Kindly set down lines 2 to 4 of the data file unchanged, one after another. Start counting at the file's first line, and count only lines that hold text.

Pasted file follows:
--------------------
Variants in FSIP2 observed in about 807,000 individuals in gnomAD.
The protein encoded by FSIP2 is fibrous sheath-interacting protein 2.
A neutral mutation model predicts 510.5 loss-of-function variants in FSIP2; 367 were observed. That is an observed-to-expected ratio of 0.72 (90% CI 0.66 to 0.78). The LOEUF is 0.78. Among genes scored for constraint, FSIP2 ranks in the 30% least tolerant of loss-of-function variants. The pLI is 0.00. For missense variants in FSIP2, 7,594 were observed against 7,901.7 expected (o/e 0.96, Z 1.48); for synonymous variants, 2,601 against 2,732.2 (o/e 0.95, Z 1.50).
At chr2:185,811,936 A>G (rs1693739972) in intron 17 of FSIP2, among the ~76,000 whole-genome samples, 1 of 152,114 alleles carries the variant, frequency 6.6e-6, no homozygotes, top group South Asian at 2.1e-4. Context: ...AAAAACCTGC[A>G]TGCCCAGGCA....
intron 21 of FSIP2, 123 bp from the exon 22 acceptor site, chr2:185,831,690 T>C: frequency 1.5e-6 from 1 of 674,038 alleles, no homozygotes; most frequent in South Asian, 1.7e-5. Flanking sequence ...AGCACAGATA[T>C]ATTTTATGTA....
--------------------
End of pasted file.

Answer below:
The protein encoded by FSIP2 is fibrous sheath-interacting protein 2.
A neutral mutation model predicts 510.5 loss-of-function variants in FSIP2; 367 were observed. That is an observed-to-expected ratio of 0.72 (90% CI 0.66 to 0.78). The LOEUF is 0.78. Among genes scored for constraint, FSIP2 ranks in the 30% least tolerant of loss-of-function variants. The pLI is 0.00. For missense variants in FSIP2, 7,594 were observed against 7,901.7 expected (o/e 0.96, Z 1.48); for synonymous variants, 2,601 against 2,732.2 (o/e 0.95, Z 1.50).
At chr2:185,811,936 A>G (rs1693739972) in intron 17 of FSIP2, among the ~76,000 whole-genome samples, 1 of 152,114 alleles carries the variant, frequency 6.6e-6, no homozygotes, top group South Asian at 2.1e-4. Context: ...AAAAACCTGC[A>G]TGCCCAGGCA....